Compiler Warning and Notices like unused variables etc.
I just wanted to say I LOVE the fact that the compiler warns you of these
Personally, I don't consider my application at a good stopping point unless
I can make all the warnings go away. Sometimes I even will put in (hopefully
a low overhead thing when I do it) a meaningless command to remove
"variable not initialized" warnings... when I KNOW I'm doing something to
init the variable that the compiler can't (nor is expected to) know I'm
Var MyVariable: ansistring;
MyVariable:=MyVariable; // this is a workaround in rare cases.
CallAReferenceProcedure(MyVariable); // This is warning material.
Note: I know it MAY create a few assembly instructions - but I think I'll
take a couple of them to hush the compiler.
It seems like a "CLEAN" thing to do... I mean, it raises doubt (speaking for
myself) when I compile something and there are warnings being displayed. It
makes me think the programmer has not addressed everything or my environment
might be the cause of said application to maybe not work as designed.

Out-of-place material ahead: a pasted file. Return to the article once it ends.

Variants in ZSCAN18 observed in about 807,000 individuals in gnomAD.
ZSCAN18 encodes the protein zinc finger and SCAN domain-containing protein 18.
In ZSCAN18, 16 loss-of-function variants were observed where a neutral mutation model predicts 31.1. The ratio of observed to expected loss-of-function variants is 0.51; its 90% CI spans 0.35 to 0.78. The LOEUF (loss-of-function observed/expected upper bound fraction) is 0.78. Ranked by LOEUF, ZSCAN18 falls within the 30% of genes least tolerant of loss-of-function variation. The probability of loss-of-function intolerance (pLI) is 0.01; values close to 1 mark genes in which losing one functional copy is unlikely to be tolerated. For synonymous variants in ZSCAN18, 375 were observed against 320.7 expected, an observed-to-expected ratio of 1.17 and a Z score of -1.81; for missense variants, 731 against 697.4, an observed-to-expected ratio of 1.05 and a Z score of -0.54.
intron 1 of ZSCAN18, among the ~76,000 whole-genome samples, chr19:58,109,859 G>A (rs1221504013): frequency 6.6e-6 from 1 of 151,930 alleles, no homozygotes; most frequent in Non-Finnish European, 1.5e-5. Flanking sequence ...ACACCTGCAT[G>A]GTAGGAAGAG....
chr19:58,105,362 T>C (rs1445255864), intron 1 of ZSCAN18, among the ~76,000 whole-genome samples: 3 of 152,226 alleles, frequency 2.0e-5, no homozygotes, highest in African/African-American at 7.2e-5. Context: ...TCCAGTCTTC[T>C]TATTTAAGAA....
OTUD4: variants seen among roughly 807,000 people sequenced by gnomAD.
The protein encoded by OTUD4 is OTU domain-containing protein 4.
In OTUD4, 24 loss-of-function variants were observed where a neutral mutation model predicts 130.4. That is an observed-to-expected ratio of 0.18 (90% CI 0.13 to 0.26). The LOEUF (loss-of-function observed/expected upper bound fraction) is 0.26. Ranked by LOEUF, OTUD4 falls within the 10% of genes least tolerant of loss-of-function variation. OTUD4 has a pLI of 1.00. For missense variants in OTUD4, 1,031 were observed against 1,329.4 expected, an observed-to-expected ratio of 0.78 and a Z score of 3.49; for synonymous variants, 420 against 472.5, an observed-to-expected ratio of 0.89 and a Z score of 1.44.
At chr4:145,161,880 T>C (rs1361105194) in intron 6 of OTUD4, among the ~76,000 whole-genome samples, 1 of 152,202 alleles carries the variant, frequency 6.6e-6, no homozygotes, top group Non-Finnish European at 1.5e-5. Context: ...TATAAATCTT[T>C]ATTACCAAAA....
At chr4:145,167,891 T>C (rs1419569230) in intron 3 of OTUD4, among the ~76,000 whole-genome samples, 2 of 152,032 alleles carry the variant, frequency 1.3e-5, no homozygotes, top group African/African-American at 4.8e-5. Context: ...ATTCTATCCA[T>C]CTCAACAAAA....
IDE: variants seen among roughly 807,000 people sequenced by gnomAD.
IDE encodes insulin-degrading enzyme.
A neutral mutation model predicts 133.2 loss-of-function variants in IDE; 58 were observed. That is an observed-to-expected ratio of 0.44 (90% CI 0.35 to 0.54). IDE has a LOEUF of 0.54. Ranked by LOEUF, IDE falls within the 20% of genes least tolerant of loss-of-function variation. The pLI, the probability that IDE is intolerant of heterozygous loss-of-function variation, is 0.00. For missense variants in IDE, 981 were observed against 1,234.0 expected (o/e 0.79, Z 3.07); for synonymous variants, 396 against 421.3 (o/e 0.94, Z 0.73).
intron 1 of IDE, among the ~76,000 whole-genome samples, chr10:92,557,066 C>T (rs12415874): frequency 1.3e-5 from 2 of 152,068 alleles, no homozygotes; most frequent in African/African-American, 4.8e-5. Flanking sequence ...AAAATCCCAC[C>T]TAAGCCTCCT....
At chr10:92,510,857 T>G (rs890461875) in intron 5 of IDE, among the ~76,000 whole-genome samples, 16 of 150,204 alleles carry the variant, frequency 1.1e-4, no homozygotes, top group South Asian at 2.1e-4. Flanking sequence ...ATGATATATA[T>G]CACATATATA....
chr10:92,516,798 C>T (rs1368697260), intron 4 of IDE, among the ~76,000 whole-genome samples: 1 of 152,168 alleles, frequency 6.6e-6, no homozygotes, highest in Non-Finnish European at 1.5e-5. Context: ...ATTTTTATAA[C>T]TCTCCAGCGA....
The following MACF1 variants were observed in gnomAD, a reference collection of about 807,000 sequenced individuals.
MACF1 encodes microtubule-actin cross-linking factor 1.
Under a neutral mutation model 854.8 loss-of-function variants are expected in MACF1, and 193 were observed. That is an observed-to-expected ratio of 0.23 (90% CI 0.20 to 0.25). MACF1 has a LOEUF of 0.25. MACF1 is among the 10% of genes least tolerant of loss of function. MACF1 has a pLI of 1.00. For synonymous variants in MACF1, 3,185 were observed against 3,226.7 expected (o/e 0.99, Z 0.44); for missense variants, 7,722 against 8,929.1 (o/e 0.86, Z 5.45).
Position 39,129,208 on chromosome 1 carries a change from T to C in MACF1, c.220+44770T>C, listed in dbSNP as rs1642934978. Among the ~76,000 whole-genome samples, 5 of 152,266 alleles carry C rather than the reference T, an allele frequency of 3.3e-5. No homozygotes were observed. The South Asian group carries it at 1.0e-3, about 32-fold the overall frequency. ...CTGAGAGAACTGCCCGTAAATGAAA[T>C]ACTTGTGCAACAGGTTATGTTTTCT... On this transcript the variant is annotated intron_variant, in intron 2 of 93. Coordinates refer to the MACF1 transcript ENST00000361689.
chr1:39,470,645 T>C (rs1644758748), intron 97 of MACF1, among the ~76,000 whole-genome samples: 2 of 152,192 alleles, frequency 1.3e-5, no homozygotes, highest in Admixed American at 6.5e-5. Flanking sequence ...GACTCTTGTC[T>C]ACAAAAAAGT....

Re: Compiler Warning and Notices like unused variables etc.
> MyVariable:=MyVariable; // this is a workaround in rare cases.
Can anybody that knowns the internals of FPC confirm if this will
create extra work/code for the compiler? I have been trying for a
long time to figure out a clean way of getting rid of some compiler
Depending on the view point and application it might be negligible. It's
probably not a good idea to do that inside a tight loop, but in most
other cases those couple of bytes won't hurt.
Although, well ... I wouldn't depend on that behaviour, because the
variable still *is* as uninitialized as before, because the right hand
side of the expression assigned to it is. So if someone cares to write
code for a more stricter data flow analysis, the warning may at some
So this is no clean way to do it I'd say.
What is needed is a way to tell the compiler: "Trust me. I know what I'm